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Server-side request forgery (SSRF)

In this section we explain what server-side request forgery (SSRF) is, and describe some common examples. We also show you how to find and exploit SSRF vulnerabilities.

What is SSRF?

Server-side request forgery is a web security vulnerability that allows an attacker to cause the server-side application to make requests to an unintended location.

In a typical SSRF attack, the attacker might cause the server to make a connection to internal-only services within the organization's infrastructure. In other cases, they may be able to force the server to connect to arbitrary external systems. This could leak sensitive data, such as authorization credentials.



If you're familiar with the basic concepts behind SSRF vulnerabilities and want to practice exploiting them on some realistic, deliberately vulnerable targets, you can access labs in this topic from the link below.

What is the impact of SSRF attacks?

A successful SSRF attack can often result in unauthorized actions or access to data within the organization. This can be in the vulnerable application, or on other back-end systems that the application can communicate with. In some situations, the SSRF vulnerability might allow an attacker to perform arbitrary command execution.

An SSRF exploit that causes connections to external third-party systems might result in malicious onward attacks. These can appear to originate from the organization hosting the vulnerable application.

Common SSRF attacks

SSRF attacks often exploit trust relationships to escalate an attack from the vulnerable application and perform unauthorized actions. These trust relationships might exist in relation to the server, or in relation to other back-end systems within the same organization.

SSRF attacks against the server

In an SSRF attack against the server, the attacker causes the application to make an HTTP request back to the server that is hosting the application, via its loopback network interface. This typically involves supplying a URL with a hostname like (a reserved IP address that points to the loopback adapter) or localhost (a commonly used name for the same adapter).

For example, imagine a shopping application that lets the user view whether an item is in stock in a particular store. To provide the stock information, the application must query various back-end REST APIs. It does this by passing the URL to the relevant back-end API endpoint via a front-end HTTP request. When a user views the stock status for an item, their browser makes the following request:

POST /product/stock HTTP/1.0 Content-Type: application/x-www-form-urlencoded Content-Length: 118 stockApi=http://stock.weliketoshop.net:8080/product/stock/check%3FproductId%3D6%26storeId%3D1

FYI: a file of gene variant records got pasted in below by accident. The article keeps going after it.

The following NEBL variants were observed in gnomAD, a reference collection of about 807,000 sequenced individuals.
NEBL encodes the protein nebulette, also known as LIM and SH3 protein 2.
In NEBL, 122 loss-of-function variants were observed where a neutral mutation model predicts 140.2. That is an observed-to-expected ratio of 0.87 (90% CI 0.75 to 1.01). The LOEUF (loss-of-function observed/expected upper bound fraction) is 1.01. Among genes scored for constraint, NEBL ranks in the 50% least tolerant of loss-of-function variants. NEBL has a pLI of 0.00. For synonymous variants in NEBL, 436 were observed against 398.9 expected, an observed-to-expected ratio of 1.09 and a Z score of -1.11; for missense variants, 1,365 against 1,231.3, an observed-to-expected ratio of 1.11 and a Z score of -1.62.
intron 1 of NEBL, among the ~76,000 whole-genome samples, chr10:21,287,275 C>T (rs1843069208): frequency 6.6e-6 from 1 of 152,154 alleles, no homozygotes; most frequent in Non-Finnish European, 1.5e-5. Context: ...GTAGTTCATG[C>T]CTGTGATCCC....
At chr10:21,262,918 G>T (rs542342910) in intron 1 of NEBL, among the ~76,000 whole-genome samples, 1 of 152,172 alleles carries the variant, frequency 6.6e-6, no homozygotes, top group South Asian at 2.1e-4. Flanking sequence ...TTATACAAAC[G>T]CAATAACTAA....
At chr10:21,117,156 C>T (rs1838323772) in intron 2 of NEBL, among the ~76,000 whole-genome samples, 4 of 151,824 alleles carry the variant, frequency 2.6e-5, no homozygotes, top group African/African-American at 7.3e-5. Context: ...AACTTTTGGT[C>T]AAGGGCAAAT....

This causes the server to make a request to the specified URL, retrieve the stock status, and return this to the user.

In this example, an attacker can modify the request to specify a URL local to the server:

POST /product/stock HTTP/1.0 Content-Type: application/x-www-form-urlencoded Content-Length: 118 stockApi=http://localhost/admin

The server fetches the contents of the /admin URL and returns it to the user.

An attacker can visit the /admin URL, but the administrative functionality is normally only accessible to authenticated users. This means an attacker won't see anything of interest. However, if the request to the /admin URL comes from the local machine, the normal access controls are bypassed. The application grants full access to the administrative functionality, because the request appears to originate from a trusted location.

Why do applications behave in this way, and implicitly trust requests that come from the local machine? This can arise for various reasons:

  • The access control check might be implemented in a different component that sits in front of the application server. When a connection is made back to the server, the check is bypassed.
  • For disaster recovery purposes, the application might allow administrative access without logging in, to any user coming from the local machine. This provides a way for an administrator to recover the system if they lose their credentials. This assumes that only a fully trusted user would come directly from the server.
  • The administrative interface might listen on a different port number to the main application, and might not be reachable directly by users.

These kind of trust relationships, where requests originating from the local machine are handled differently than ordinary requests, often make SSRF into a critical vulnerability.

SSRF attacks against other back-end systems

In some cases, the application server is able to interact with back-end systems that are not directly reachable by users. These systems often have non-routable private IP addresses. The back-end systems are normally protected by the network topology, so they often have a weaker security posture. In many cases, internal back-end systems contain sensitive functionality that can be accessed without authentication by anyone who is able to interact with the systems.

In the previous example, imagine there is an administrative interface at the back-end URL An attacker can submit the following request to exploit the SSRF vulnerability, and access the administrative interface:

POST /product/stock HTTP/1.0 Content-Type: application/x-www-form-urlencoded Content-Length: 118 stockApi=

Circumventing common SSRF defenses